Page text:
Friday, March 1, 2024

Glance Through Energy Harvesting In e Driven World

By Vinayak. Ramachandra. Adkoli

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In August 2017, Lavender Pond Farm, New England’s largest lavender farm located in Killingworth, CT, announced the installation of a solar SmartFlower, the first all-in-one, plug and play PV solar system.

Inspired by sunflowers and other phototropic plants that follow the sun across the horizon, the SmartFlower wakes up at sunrise, fans out its twelve solar “petals” to 194 square feet, and automatically cleans itself in preparation for capturing the sun’s rays. SmartFlower then turns to face the sun at a 90° angle and follows the sun throughout the day using dual-axis tracking to maximise solar energy yield. At night, the system automatically folds itself up for compact storage, then starts its professional cycle over the next morning. One SmartFlower produces the equivalent of a 4 kW rooftop system, thanks to these Sunbots, which give an aesthetically pleasing appearance to the solar industry.

In July 2022, Samsung released a television remote control that doesn’t require batteries as it draws power by harvesting otherwise wasted energy emitted by Wi-Fi routers. This new version includes a tiny antenna that can capture Wi-Fi signals from a distance of up to 40 meters, allowing it to charge even in dark rooms.

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A pasta-shaped robot with no motors, batteries, or computers can roll over a range of surfaces and cross its pathway by harvesting heat energy and turning it into motion.

Don’t you hate it or feel sad when your phone battery dies? In the future, your cell phones will be able to recharge by graphene generators that harvest electricity from moisture in the air and your breath.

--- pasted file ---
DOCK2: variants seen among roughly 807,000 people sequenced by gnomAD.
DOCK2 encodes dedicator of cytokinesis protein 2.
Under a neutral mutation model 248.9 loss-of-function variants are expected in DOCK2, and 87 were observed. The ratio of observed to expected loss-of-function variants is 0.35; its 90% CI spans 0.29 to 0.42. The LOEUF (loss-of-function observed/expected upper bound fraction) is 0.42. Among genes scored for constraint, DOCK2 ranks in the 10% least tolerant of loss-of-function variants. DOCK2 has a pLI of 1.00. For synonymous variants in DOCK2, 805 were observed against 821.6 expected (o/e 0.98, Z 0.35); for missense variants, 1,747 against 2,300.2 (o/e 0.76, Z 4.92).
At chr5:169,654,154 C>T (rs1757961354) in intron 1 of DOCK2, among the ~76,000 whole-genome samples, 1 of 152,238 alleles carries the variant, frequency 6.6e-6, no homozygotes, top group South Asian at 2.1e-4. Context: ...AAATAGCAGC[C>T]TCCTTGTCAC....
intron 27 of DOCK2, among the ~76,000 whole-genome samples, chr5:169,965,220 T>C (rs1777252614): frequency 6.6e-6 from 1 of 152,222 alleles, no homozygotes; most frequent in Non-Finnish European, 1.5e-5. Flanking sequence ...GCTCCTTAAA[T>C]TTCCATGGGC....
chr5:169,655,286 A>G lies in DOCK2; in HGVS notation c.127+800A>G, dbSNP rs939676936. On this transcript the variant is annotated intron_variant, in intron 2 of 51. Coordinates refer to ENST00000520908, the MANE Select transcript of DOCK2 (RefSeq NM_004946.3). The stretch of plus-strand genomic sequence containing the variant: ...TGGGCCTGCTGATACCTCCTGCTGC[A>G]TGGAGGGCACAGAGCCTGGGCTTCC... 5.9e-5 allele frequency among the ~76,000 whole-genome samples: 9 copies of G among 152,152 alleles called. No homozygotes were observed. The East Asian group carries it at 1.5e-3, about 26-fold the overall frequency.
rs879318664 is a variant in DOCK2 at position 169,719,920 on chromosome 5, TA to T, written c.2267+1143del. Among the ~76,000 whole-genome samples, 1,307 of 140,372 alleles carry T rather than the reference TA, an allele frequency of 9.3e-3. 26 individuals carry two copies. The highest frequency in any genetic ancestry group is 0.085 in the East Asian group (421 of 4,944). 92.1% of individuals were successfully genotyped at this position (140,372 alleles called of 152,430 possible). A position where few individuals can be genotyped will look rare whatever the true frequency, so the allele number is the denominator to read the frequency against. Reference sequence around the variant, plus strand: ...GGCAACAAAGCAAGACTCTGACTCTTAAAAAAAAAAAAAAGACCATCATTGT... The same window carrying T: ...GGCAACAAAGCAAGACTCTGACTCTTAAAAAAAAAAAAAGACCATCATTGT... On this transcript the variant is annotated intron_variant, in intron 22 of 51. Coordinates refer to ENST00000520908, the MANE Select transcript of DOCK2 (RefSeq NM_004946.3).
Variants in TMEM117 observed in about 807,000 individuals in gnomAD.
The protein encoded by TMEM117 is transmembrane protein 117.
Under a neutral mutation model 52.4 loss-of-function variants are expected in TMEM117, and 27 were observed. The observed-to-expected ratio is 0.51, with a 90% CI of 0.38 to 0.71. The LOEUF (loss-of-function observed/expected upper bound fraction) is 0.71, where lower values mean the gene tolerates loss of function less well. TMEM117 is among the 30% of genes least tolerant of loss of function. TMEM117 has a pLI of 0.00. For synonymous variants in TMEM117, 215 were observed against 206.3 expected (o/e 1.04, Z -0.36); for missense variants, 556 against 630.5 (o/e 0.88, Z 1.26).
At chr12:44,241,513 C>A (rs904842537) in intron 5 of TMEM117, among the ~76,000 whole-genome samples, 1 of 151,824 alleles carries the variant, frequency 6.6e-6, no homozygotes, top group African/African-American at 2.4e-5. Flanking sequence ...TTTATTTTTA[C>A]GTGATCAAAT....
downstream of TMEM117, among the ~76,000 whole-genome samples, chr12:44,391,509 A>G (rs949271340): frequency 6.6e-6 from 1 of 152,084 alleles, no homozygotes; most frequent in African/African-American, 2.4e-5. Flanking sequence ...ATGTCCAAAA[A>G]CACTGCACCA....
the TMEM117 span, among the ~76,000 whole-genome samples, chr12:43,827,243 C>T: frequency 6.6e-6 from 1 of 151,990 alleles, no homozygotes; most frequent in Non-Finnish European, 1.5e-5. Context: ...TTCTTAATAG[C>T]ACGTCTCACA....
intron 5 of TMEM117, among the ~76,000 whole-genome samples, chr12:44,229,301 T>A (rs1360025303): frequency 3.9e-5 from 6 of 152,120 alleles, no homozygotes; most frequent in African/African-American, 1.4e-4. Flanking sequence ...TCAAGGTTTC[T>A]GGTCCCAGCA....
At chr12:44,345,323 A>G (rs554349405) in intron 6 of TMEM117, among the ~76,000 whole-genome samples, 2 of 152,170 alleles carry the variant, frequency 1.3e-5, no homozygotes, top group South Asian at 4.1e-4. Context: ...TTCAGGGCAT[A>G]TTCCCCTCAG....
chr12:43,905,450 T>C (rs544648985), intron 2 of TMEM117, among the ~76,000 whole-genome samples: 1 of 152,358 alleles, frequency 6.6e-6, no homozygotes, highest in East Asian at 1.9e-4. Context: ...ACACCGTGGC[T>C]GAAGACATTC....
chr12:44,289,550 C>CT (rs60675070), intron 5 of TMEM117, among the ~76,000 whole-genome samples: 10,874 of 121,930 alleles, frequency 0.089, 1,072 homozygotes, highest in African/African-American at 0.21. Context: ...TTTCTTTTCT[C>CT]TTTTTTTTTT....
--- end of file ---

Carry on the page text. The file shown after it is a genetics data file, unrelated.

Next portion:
A wristband containing a thermoelectric generator can convert body heat into enough electricity to power it. In the future, the technology may be able to power smartwatches.

Blue-green algae, a type of cyanobacteria sealed within a container and placed on a windowsill, can power a computer continuously for six months by photosynthesis.

All of the above-stated examples undoubtedly give us a wonderful world of energy harvesting. Energy harvesting (also known as power harvesting or energy scavenging) is the process in which energy is captured from the environment and converted into usable electric power.

Power consumption and IoT network elements

Nowadays, scientists are much concerned with the power consumed by various engineering items. As we all know, the demand for power increases as the population grows, and technology advances. The peak power demand rose to 209.66 GW per day in February 2023. A 50″ smart TV consumes 50-60 Watts per hour, while a 50″ LCD TV consumes 70-80 Watts per hour. So, the power-driven world is quite frightful.

Now let us look into the power consumed by various elements of the IoT network.

SystemComponentPower consumption





Wireless technology
Wi-Fi0.192kwh/day